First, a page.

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dc.contributor.advisorChan, Philip K.
dc.contributor.authorMahoney, Matthew V.
dc.contributor.authorChan, Philip K.
dc.date.accessioned2013-11-05T14:56:20Z
dc.date.available2013-11-05T14:56:20Z
dc.date.issued2003-01-27
dc.identifier.citationMahoney, M.V., Chan, P.K. (2003). An analysis of the 1999 DARPA/Lincoln Laboratory evaluation data for network anomaly detection (CS-2003-02). Melbourne, FL. Florida Institute of Technology.en_US
dc.identifier.otherCS-2003-02
dc.identifier.urihttp://hdl.handle.net/11141/109
dc.description.abstractWe investigate potential simulation artifacts and their effects on the evaluation of network anomaly detection systems in the 1999 DARPA/MIT Lincoln Laboratory off-line intrusion detection evaluation data set. A statistical comparison of the simulated background and training traffic with real traffic collected from a university departmental server suggests the presence of artifacts that could allow a network anomaly detection system to detect some novel intrusions based on idiosyncrasies of the underlying implementation of the simulation, with an artificially low false alarm rate. The evaluation problem can be mitigated by mixing real traffic into the simulation. We compare five anomaly detection algorithms on simulated and mixed traffic. On mixed traffic they detect fewer attacks, but the explanations for these detections are more plausible.en_US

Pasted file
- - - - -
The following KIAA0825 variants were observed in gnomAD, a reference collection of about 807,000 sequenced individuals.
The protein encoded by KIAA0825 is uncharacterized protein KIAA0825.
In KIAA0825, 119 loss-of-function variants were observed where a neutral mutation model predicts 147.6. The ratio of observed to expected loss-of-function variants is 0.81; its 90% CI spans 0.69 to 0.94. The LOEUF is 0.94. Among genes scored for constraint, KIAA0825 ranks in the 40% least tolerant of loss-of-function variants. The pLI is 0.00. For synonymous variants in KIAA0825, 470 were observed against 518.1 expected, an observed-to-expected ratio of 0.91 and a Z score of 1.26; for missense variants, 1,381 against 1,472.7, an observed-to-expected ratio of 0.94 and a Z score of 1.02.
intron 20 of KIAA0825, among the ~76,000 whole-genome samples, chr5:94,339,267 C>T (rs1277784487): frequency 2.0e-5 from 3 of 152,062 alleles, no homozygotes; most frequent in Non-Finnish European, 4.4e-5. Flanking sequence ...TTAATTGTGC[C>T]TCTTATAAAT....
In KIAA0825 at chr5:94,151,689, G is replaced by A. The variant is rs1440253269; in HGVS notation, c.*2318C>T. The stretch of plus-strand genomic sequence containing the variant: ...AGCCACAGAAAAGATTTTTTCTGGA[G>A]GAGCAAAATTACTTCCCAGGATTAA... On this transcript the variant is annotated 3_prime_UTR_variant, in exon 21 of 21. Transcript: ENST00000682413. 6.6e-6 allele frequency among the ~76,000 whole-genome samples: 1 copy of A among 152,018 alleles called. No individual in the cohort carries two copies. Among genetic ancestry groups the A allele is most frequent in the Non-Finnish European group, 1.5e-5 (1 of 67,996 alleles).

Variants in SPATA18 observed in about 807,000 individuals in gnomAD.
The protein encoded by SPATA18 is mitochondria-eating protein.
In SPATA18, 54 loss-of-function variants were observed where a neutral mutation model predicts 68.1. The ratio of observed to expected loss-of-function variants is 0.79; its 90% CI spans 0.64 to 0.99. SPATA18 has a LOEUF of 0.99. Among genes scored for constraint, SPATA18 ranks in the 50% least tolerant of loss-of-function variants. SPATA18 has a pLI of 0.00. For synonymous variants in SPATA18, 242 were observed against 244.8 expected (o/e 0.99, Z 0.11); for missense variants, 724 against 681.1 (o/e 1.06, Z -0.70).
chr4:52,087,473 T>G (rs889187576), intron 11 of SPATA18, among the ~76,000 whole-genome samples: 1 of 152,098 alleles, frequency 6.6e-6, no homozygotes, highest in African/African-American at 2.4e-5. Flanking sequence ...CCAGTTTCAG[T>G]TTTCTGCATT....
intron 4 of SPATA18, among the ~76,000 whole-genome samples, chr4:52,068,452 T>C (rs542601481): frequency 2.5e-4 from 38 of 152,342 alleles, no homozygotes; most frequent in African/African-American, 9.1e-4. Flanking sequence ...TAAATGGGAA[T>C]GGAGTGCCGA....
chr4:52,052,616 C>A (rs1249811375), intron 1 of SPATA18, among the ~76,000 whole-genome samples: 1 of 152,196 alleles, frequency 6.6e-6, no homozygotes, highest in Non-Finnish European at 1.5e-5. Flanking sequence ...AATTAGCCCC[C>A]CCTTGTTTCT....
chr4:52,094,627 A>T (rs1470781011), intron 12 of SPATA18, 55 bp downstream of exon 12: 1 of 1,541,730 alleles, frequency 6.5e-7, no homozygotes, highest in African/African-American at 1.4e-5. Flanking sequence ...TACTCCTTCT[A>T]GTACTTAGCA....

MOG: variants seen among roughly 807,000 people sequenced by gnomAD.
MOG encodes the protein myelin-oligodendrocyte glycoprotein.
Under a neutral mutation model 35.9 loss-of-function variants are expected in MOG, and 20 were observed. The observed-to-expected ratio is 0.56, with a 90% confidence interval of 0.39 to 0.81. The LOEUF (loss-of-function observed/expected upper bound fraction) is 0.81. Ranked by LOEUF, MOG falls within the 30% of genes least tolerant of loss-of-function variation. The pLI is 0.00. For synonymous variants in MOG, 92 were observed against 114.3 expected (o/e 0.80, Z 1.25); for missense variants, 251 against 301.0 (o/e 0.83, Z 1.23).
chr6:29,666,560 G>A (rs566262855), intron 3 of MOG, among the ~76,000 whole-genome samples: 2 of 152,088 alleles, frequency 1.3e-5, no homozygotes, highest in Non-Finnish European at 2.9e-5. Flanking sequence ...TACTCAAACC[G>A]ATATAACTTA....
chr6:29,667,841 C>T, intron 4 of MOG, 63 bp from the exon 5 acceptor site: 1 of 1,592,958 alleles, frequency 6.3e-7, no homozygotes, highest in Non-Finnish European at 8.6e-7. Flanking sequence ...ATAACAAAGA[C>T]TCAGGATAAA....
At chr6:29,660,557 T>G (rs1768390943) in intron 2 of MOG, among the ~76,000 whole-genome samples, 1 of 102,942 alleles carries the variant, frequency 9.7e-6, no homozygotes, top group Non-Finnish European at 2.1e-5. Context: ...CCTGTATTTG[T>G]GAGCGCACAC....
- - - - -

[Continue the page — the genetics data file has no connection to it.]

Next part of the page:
dc.language.isoen_USen_US
dc.rightsCopyright held by authors.en_US
dc.titleAn analysis of the 1999 DARPA/Lincoln Laboratory evaluation data for network anomaly detectionen_US
dc.typeTechnical Reporten_US


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